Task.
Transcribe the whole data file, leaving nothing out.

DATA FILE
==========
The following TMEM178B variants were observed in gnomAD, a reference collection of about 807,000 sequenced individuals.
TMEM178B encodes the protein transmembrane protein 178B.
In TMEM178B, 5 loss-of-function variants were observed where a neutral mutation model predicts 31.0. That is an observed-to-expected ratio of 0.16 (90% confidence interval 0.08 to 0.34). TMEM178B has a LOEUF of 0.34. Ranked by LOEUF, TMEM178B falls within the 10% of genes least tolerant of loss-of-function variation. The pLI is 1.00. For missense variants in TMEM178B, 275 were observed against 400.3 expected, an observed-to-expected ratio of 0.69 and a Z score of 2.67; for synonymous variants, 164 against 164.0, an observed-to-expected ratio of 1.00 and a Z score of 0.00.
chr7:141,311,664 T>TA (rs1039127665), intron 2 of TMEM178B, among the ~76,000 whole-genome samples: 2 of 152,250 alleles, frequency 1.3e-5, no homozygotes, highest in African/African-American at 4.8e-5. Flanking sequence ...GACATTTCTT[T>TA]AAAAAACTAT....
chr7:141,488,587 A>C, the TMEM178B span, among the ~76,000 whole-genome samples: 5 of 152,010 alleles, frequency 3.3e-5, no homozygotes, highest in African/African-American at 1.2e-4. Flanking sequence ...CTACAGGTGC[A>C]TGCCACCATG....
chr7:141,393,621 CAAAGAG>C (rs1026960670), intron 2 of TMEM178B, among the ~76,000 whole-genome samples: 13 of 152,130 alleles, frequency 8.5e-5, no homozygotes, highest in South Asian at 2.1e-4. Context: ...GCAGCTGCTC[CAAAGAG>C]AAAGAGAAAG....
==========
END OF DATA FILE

The following TMEM178B variants were observed in gnomAD, a reference collection of about 807,000 sequenced individuals.
TMEM178B encodes the protein transmembrane protein 178B.
In TMEM178B, 5 loss-of-function variants were observed where a neutral mutation model predicts 31.0. That is an observed-to-expected ratio of 0.16 (90% confidence interval 0.08 to 0.34). TMEM178B has a LOEUF of 0.34. Ranked by LOEUF, TMEM178B falls within the 10% of genes least tolerant of loss-of-function variation. The pLI is 1.00. For missense variants in TMEM178B, 275 were observed against 400.3 expected, an observed-to-expected ratio of 0.69 and a Z score of 2.67; for synonymous variants, 164 against 164.0, an observed-to-expected ratio of 1.00 and a Z score of 0.00.
chr7:141,311,664 T>TA (rs1039127665), intron 2 of TMEM178B, among the ~76,000 whole-genome samples: 2 of 152,250 alleles, frequency 1.3e-5, no homozygotes, highest in African/African-American at 4.8e-5. Flanking sequence ...GACATTTCTT[T>TA]AAAAAACTAT....
chr7:141,488,587 A>C, the TMEM178B span, among the ~76,000 whole-genome samples: 5 of 152,010 alleles, frequency 3.3e-5, no homozygotes, highest in African/African-American at 1.2e-4. Flanking sequence ...CTACAGGTGC[A>C]TGCCACCATG....
chr7:141,393,621 CAAAGAG>C (rs1026960670), intron 2 of TMEM178B, among the ~76,000 whole-genome samples: 13 of 152,130 alleles, frequency 8.5e-5, no homozygotes, highest in South Asian at 2.1e-4. Context: ...GCAGCTGCTC[CAAAGAG>C]AAAGAGAAAG....